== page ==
A conversation with Matteo Vignoli on measuring the impact of education
On a quick stop from his daily working routine, Matteo cheerfully accepts to answer our questions on his "beloved" IdeaSquare —a project he believed on from the very beginning. A committed member of ATTRACT and an active editor of IdeaSquare's Journal of Innovation, he is now trying to figure out the success of IdeaSquare's Challenge-Based Innovation Programme to replicate it in his home university in Bologna.
Q. Matteo, you were one of the first collaborators of IdeaSquare. What are you currently doing there?
A. Besides coordinating the Challenge-Based Innovation Programme, I'm running a thesis with one of my students on how to tangibly calculate the impact that students generate in companies after finishing their stay at IdeaSquare. We are now collecting the data for the last two years and trying to define what is the value of i2’s Challenge-Based Innovation Programme, and how do companies perceive this. I will use these data for the editorial piece of the next CIJ issue.
So, you are kind of like “quantifying” the impact of studying at IdeaSquare.
Exactly. This student has been counting the number of publications of 72 PhD students who took part in the Innovation 4 Change (I4C) programme at IdeaSquare. Then, we compared the publication output of these students (the study group) with that of other 72 PhD students who did not attend I4C (the control group). It basically concluded that attending the I4C programme at IdeaSquare significantly increases the publication and entrepreneurship output of those students.
Interesting. And why do you think this is?
Well, IdeaSquare has this wonderful ability to connect scientists with society. To name an example, Eli? (name and last name?), one of the CBI ex coordinators, always said that she had been positively “contaminated” by everything happening at IdeaSquare. She loved the multidisciplinary mix between science, arts, SDGs, the technologies… And she used this varied approach also in her research. Also, Silvia LAST NAME, another CBI coordinator, was absolutely fascinated by the scientists’ interactions happening at IdeaSquare. In her case, that crystallized into the development of different tools to facilitate the encounter between students, companies, and scientists. If you ask me, everyone who comes into IdeaSquare leaves richer —both in experience and in opportunities.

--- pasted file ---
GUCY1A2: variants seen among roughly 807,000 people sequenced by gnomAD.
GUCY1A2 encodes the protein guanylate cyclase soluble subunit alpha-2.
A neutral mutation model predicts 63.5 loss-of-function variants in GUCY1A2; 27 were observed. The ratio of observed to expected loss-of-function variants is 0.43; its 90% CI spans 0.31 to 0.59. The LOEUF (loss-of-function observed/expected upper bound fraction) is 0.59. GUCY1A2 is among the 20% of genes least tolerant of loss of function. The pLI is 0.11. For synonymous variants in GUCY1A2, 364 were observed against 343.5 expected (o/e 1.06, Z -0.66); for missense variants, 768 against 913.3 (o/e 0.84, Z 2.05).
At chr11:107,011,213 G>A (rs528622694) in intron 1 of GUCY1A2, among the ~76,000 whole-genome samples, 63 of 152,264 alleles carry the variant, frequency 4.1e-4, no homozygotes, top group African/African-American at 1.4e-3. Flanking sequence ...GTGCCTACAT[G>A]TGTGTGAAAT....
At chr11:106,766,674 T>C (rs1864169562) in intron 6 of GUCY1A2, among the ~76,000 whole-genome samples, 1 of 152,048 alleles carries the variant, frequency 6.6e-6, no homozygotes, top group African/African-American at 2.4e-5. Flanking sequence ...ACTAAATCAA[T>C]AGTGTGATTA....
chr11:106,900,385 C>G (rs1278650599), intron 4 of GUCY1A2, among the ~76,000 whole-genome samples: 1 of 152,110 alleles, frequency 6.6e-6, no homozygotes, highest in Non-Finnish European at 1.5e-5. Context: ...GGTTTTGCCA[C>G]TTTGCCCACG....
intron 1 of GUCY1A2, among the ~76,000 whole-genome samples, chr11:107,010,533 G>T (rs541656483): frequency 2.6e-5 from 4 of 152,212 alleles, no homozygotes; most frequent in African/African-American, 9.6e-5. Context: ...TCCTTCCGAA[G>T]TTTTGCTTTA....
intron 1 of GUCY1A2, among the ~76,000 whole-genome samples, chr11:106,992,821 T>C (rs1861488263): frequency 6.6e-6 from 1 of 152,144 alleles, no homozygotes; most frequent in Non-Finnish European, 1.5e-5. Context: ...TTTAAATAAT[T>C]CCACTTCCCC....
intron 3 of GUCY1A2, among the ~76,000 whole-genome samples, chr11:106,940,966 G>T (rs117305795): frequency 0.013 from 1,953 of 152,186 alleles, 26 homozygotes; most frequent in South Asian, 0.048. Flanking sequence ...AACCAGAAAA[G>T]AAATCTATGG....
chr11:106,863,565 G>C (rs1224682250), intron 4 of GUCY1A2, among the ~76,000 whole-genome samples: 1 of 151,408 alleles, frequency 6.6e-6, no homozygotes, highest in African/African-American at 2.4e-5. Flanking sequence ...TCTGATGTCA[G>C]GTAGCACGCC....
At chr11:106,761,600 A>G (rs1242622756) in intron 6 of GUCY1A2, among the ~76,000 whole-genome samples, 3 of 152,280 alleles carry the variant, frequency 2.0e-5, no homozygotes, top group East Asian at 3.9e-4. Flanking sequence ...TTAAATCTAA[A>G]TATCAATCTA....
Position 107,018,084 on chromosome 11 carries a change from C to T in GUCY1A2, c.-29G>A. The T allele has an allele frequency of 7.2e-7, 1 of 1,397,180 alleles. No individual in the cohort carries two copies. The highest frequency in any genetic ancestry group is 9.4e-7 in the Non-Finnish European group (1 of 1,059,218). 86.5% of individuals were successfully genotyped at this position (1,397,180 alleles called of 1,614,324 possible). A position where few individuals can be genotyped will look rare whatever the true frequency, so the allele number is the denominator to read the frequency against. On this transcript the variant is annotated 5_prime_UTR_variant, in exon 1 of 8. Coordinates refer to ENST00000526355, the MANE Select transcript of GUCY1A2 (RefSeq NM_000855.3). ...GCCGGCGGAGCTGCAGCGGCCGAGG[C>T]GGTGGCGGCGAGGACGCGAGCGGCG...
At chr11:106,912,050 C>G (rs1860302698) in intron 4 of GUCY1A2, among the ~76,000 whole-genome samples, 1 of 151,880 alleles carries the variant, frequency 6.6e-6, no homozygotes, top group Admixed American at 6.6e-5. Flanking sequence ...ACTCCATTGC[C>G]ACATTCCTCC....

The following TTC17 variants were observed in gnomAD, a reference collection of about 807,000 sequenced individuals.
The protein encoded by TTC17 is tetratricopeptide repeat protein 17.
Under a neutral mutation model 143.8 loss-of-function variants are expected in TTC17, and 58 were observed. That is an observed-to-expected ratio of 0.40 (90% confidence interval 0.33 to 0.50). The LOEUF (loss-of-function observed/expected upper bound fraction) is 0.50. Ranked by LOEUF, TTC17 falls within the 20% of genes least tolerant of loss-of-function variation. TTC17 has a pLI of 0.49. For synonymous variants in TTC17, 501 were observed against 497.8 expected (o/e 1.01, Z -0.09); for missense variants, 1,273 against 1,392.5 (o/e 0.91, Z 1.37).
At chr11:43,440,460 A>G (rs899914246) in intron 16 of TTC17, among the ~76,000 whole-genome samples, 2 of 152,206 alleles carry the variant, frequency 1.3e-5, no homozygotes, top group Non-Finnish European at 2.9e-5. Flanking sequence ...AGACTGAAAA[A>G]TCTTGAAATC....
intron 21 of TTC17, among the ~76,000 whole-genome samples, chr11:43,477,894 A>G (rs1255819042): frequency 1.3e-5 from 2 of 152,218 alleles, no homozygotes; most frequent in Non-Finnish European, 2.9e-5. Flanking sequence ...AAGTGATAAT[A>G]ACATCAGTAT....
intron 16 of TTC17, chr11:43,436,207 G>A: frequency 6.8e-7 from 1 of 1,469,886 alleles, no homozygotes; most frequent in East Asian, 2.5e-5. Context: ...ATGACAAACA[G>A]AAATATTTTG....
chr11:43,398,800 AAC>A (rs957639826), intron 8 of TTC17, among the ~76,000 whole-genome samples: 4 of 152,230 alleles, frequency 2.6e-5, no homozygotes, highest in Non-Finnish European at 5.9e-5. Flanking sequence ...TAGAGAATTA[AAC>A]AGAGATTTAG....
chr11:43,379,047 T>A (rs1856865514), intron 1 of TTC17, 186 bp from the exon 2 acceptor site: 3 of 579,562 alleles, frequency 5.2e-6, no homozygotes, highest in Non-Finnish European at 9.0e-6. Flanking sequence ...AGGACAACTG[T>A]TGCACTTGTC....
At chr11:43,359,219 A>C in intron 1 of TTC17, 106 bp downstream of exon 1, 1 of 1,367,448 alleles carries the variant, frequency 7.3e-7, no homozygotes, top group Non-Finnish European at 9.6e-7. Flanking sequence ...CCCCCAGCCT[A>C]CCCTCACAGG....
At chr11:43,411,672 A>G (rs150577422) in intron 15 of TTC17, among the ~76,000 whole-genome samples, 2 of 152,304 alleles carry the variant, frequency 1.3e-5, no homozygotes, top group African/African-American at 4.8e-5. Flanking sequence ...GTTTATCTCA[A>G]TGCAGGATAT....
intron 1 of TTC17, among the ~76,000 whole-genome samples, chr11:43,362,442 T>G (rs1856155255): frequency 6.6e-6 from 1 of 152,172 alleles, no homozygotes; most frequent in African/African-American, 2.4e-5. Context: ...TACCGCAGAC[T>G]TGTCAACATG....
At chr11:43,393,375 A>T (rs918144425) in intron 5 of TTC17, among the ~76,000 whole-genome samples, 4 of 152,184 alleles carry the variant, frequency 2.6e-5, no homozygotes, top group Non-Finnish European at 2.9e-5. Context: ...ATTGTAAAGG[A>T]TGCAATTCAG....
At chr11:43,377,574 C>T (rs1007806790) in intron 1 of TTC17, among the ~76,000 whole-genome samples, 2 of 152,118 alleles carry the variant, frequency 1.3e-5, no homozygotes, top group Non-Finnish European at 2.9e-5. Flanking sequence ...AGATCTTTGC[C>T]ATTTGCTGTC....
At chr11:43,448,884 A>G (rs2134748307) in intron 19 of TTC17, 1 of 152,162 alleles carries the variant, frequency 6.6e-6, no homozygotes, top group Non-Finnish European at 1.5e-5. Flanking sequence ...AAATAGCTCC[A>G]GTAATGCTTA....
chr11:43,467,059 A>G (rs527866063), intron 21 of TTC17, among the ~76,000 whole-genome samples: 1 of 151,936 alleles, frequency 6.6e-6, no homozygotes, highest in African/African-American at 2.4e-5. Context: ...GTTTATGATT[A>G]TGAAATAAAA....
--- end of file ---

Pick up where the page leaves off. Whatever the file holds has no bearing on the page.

Did you actually develop something at IdeaSquare?
Yes, we did. We launched this tool together called Science2Technology (S2T), which is a different way to create scenarios that fosters the collaboration between scientists, technicians and students. Another development are the so-called “tech-cards”, a resource which aims to “rephrase” scientistic language into an “comprehensible” narrative that regular people, students and companies can actually understand. At the end of the day, IdeaSquare is a place where, if you have an idea —however random—, you will be welcome.
Is there anything that you haven’t done yet?
Many things! I’m exploring the possibility of doing something in the field of food —the food of the future. It may be something related to social activism, a scientific tool that left an impact on local ecosystems. Food is the start of many things and IdeaSquare could the perfect place where to connect food and science. And of course, there is ATTRACT, our next challenge, which I’m sure will soon bring amazing new solutions and services to society.
What would you do if you had unlimited resources to invest in IdeaSquare?
I would try to replicate its technology transfer model to different research centers around Europe —at least this is what I am currently trying to do in Bologna. And probably try to open the space to more universities, especially the ones that have less means to send their students to CERN. Last but not least, I would love to come up with further ways to connect the scientific community with students and companies.
Matteo Vignoli is an assistant professor in Management Science and Engineering at the University of Bologna and Academic Director of BBS React Innovation Program and Corporate Digital & Innovation Management Programme. He is also the operative coordinator of the Bologna Factory for Open Innovation. He is a founding member of the Challenge-Based Innovation initiative at IdeaSquare. He is currently part of the Editorial Board of CERN IdeaSquare Journal of Innovation, CIJ.